Have you ever wondered why some colours look right together and others don’t? This blog attempts to explain colour theory and help you understand what is going on (with apologies to any artists reading this who can explain it all much better than me).
Within the retina of the eye are three types of cells which are responsive to three different colours – red, yellow and blue – these are known as the primary colours and everything we see is made from a mix of these. In the absence of any yellow or blue, we see red. Start adding yellow and the red changes through scarlet and vermillion to orange (see how many words we have to describe the multitude of colours we can see). From orange, the red content diminishes until we have pure yellow remaining. Next we start adding blue and pass through lime green to reach green itself, then the yellow falls away as we head towards blue. From blue, we start to add red again, moving to purple and finally, take out the blue and move back to red. This progression can be painted in a circle and is known as the colour wheel.
Although not part of the colour wheel, black and white also need to be considered. Adding black to any of the colours makes them progressively darker until they disappear completely; white makes them lighter and paler. Add black to red and we get crimson and claret; add white and we get varying shades of pink.
The three colours orange (red and yellow), green (yellow and blue) and purple (blue and red) are known as the secondary colours. If we take two colours adjacent to each other in the colour wheel (for example orange and yellow), the eye sees mostly yellow with some red and the colours are in harmony. But if we put orange (which contains red and yellow) with blue (which has neither red nor yellow), we get a contrast and one balances the other.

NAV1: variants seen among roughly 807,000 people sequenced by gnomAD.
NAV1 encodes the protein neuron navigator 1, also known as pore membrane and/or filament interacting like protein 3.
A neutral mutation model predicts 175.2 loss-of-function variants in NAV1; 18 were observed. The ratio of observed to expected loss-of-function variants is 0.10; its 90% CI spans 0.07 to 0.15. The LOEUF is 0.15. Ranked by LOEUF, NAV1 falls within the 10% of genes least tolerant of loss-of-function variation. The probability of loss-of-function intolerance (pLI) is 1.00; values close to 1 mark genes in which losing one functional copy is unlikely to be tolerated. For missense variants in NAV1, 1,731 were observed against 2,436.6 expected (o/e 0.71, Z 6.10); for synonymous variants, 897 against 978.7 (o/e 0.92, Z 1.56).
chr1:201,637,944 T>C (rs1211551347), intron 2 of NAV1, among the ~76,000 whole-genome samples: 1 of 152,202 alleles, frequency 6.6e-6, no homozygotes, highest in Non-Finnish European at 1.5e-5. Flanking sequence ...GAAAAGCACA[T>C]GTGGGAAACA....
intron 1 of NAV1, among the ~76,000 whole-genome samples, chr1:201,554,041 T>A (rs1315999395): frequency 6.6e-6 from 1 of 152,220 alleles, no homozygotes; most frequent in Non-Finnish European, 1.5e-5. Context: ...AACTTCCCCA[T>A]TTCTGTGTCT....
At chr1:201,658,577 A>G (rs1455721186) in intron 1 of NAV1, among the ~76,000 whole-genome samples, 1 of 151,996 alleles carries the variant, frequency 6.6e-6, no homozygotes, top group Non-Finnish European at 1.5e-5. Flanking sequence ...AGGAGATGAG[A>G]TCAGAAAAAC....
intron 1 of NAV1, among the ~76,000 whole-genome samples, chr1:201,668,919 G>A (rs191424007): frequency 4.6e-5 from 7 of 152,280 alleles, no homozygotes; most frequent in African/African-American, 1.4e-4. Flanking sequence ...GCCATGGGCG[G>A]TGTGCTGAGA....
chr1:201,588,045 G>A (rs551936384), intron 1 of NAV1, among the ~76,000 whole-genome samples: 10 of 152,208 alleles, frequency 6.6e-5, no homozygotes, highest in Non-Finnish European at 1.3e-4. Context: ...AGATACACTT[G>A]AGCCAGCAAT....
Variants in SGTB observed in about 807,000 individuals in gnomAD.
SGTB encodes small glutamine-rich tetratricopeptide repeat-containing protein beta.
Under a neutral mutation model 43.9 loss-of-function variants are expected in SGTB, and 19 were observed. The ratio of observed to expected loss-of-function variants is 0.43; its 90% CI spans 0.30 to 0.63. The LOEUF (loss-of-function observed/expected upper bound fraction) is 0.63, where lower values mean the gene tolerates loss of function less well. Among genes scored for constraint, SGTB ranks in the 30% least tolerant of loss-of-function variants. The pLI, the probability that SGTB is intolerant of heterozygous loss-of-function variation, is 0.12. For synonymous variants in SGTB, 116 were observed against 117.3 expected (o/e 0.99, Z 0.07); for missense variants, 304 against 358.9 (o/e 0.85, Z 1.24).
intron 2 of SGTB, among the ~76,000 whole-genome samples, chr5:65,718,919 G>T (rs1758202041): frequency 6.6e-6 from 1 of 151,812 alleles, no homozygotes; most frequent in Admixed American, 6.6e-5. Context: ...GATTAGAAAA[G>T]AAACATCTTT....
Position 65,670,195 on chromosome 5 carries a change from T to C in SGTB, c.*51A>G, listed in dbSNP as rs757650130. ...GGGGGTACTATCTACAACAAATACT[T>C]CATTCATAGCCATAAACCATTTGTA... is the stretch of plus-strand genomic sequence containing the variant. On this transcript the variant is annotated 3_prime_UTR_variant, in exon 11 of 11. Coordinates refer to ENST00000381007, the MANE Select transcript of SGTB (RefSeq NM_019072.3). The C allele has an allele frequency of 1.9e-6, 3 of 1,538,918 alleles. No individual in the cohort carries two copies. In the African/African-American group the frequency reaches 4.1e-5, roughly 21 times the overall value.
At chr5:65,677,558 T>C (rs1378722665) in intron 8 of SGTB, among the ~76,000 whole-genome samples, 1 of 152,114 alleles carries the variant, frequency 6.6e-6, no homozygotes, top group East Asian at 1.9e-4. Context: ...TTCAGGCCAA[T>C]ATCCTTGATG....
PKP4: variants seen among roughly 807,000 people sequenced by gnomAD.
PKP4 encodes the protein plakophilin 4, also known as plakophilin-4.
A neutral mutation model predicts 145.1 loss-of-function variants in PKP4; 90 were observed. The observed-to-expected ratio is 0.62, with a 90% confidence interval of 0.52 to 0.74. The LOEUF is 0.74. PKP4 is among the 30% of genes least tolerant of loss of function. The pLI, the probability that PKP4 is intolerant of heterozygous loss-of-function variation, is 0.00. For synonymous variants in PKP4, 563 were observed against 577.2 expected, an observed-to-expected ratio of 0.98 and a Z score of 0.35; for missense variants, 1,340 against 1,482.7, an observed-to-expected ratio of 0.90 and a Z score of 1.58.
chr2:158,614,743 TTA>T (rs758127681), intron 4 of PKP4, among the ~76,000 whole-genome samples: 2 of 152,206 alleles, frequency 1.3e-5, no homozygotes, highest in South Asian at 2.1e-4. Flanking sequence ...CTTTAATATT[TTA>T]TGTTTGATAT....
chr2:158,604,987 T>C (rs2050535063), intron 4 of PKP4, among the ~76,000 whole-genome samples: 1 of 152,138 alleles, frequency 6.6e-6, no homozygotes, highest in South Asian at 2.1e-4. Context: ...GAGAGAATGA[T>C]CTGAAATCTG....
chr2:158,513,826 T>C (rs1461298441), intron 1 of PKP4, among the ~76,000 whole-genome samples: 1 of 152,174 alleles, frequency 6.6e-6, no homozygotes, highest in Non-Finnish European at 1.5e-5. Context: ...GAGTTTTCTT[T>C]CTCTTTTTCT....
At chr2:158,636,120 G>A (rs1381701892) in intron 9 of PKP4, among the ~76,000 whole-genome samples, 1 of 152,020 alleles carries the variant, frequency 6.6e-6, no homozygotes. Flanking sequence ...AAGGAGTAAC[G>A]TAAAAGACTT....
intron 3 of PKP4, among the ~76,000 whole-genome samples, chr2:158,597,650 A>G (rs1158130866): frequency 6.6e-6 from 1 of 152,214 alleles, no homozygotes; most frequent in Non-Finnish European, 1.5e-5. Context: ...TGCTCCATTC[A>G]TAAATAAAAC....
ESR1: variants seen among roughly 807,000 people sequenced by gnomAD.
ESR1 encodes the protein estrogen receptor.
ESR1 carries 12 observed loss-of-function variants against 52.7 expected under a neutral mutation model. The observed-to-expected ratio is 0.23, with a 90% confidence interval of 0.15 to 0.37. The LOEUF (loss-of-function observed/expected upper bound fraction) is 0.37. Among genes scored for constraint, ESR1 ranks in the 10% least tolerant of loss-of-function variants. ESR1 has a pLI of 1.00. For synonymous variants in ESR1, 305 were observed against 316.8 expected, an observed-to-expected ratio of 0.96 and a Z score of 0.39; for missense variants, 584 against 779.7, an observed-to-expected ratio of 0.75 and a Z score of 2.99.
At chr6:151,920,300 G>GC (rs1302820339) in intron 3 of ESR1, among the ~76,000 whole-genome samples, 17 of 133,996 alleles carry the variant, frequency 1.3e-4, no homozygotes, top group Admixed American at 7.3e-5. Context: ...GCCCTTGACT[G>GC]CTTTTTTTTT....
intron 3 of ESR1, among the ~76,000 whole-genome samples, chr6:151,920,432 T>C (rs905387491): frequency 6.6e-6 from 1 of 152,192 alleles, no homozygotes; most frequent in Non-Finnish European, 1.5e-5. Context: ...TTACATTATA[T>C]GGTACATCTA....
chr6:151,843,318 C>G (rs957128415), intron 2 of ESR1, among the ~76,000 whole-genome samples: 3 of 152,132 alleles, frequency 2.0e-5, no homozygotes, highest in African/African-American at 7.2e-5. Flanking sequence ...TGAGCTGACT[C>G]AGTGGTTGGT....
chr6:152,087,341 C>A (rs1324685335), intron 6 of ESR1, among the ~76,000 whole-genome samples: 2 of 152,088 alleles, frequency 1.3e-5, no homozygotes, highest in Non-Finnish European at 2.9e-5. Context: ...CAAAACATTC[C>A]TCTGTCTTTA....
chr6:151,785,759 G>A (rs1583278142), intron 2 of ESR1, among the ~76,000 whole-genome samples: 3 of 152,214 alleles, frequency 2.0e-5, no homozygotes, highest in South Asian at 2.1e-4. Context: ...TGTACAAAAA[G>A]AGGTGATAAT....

So should we use harmonies or contrasts? The answer is both. There was a fashion some twenty years ago to use just pale pink, light blue and white flowers in a garden – all very tasteful and restful (I call this the ‘Posh Lady Gardener syndrome’). While it is easy on the eye, you somehow feel let down, there is something missing – there is no contrast.
On the other hand, visit a garden where all the colours are mixed together in large blocks and you leave feeling frazzled and tired – there is no harmony. One balances the other.
Cottage-style gardens (with lots of colours) ‘work’ because although there is lots of colour, there is a lot of green between them and green is the most restful colour on the eye. In fact all the colours around blue – from green to purple – are restful are these are called ‘cold’ colours. On the opposite side of the colour wheel are the hot colours – red, orange and yellow. Clashes occur when we start mixing hot and cold colours indiscriminately. This explains why we sometimes find a red and a pink flower don’t look right together. The red of the bottlebrush contains yellow (a hot colour) while the pink dierama contains a lot of blue (a cold colour).
But put the dierama against a blue mallow and they sit comfortably.
Once you start to understand the principles behind colour theory, you are in a better position to experiment and break the rules if you want to. The late Christopher Lloyd at Great Dixter was one for doing this but to my mind, he went too far and removed the necessary areas of harmony to contrast with his explosive mix of colour.
Colour in the garden is not simple. Very few flowers consist of a single uniform shade. Light at different times of day causes colour to appear differently as do different weather conditions. Spring and autumn sunlight is different from that of high summer. We are constantly striving to create pleasing combinations in changing conditions – no wonder gardening is such a challenge.
- 5 Jul, 2008
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